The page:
Friday, June 5, 2015

Heat Illness Prevention - Acclimation

Acclimation, or acclimatization is so much more than just throwing your employee out in the heat and waiting for him or her to toughen up. It is a slow process that actually triggers chemical changes in the body, and it can be very dangerous if skipped or rushed. 

Our bodies are designed to work perfectly in whatever environment we are in - that's why people living in high altitudes have adapted to using less oxygen for their everyday tasks since less oxygen is available for them. People who live or work in high heat environments can only do so comfortably because their body has adapted to release heat more quickly and retain electrolytes more efficiently. Employees who are not used to working in high heat situations MUST be acclimated first or their body will not be as efficient and heat illness will follow.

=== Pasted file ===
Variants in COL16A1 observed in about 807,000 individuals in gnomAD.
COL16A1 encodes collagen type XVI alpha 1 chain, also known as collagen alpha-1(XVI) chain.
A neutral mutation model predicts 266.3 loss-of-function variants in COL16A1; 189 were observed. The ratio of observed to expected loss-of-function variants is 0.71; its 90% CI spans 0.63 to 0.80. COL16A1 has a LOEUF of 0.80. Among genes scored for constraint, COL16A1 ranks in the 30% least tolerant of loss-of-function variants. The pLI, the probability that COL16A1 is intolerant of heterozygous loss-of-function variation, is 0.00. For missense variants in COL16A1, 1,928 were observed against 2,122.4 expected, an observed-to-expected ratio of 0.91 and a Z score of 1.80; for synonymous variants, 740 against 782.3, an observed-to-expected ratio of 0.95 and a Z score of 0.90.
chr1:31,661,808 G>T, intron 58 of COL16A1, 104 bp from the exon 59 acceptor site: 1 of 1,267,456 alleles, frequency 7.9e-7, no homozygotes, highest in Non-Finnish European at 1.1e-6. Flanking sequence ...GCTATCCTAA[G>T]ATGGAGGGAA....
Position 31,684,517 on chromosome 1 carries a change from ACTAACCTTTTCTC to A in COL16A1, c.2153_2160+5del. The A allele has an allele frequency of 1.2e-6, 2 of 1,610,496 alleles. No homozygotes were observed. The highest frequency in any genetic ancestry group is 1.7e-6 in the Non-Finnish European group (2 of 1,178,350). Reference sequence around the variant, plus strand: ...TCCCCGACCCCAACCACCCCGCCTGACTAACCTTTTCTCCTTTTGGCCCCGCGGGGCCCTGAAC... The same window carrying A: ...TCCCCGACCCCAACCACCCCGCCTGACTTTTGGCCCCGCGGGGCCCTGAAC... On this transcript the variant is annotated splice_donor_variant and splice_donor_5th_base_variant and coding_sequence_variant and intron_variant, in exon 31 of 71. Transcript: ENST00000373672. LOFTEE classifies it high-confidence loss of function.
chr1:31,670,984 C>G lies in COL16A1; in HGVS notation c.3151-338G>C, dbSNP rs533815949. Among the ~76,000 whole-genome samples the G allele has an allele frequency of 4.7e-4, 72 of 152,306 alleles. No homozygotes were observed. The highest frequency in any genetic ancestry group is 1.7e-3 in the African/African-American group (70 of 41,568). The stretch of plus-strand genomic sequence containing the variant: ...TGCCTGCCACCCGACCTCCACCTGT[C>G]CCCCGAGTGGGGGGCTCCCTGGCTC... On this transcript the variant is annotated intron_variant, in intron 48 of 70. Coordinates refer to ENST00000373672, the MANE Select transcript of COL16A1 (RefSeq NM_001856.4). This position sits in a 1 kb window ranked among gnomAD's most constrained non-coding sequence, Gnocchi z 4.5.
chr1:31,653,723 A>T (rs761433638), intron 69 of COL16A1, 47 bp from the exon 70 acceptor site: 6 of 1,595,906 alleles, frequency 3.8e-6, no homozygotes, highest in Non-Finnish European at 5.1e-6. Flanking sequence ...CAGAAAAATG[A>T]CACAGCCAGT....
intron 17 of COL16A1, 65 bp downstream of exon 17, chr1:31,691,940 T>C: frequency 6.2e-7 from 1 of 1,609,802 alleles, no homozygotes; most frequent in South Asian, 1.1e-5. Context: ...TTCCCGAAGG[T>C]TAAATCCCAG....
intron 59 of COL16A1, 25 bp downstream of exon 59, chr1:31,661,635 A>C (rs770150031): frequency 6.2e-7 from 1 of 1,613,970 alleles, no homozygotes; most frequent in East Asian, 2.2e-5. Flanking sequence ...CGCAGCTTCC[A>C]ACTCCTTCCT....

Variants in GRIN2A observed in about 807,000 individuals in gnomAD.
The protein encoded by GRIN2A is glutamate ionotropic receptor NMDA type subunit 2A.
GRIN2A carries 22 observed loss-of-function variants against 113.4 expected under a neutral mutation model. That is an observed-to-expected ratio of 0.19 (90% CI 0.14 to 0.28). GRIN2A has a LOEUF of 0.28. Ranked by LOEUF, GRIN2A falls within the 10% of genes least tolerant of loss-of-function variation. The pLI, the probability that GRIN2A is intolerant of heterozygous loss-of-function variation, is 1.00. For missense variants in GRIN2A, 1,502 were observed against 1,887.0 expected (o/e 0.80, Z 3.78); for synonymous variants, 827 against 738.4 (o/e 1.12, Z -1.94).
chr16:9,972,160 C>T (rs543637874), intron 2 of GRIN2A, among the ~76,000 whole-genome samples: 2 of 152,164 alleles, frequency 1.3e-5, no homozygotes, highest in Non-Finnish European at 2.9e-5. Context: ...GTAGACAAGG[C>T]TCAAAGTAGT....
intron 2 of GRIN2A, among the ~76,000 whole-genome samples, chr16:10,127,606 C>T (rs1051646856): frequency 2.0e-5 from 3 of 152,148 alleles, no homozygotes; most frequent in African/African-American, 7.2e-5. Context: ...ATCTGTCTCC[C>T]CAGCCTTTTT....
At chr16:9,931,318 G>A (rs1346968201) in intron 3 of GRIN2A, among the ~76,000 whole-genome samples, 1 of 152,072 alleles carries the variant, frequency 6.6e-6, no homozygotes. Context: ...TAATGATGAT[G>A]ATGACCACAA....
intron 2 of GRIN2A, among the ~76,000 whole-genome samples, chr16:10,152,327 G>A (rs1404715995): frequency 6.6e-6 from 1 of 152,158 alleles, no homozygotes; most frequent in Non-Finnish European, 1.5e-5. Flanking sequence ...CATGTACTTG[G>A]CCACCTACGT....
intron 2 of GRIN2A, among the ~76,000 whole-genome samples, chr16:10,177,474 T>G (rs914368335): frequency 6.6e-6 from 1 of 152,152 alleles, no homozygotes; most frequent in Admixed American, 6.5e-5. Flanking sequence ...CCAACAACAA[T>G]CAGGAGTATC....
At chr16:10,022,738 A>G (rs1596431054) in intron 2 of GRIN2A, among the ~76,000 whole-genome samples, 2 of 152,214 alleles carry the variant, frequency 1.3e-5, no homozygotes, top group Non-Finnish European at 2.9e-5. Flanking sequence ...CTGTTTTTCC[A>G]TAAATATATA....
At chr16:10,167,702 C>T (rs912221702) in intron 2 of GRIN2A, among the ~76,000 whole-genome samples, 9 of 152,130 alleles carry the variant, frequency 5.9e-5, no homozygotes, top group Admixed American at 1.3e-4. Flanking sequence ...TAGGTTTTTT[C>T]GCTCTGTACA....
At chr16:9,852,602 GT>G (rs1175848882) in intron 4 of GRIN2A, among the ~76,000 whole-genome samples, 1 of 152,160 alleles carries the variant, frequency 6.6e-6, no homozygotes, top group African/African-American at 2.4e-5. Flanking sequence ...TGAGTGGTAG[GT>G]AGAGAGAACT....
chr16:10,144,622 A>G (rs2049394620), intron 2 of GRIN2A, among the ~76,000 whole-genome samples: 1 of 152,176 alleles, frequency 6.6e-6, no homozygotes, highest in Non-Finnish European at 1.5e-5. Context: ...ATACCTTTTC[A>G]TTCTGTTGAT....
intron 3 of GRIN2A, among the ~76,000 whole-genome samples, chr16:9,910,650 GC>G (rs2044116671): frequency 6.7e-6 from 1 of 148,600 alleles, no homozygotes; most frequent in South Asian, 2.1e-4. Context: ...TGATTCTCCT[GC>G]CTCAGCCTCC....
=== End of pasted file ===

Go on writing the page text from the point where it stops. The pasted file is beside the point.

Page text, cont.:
Heat acclimatization requires about two weeks of regular work for at least two hours per day in the heat. During this time, employees must be closely supervised by a supervisor to ensure that:
  • Employees are doing the heaviest work of the day during cooler hours.
  • The employee is in the heat for at least two hours each day.
  • Employees build their intensity level up gradually over the two week period.
  • Employees are drinking enough water (about one quart of water per hour).
  • Employees who are not yet acclimated are taking more frequent shade breaks.

After successful acclimatization, the body will react quite differently to high heat situations (although this wont last forever, it takes about half the time to de-acclimate as it does to acclimate). Signs of successful acclimation are:
  • Reduced core temperature
  • Increased sweating
  • Decreased time between starting work and starting to sweat
  • Earlier blood flow to the skin
  • Lower body heat production
  • Lower heart rate
  • Increased thirst
  • Reduced salt and electrolyte loss during sweat and urination

There are many types of heat illnesses, and because they can be deadly it is very important to take heat acclimatization seriously. By protecting your employees you are protecting the most valuable asset to your company.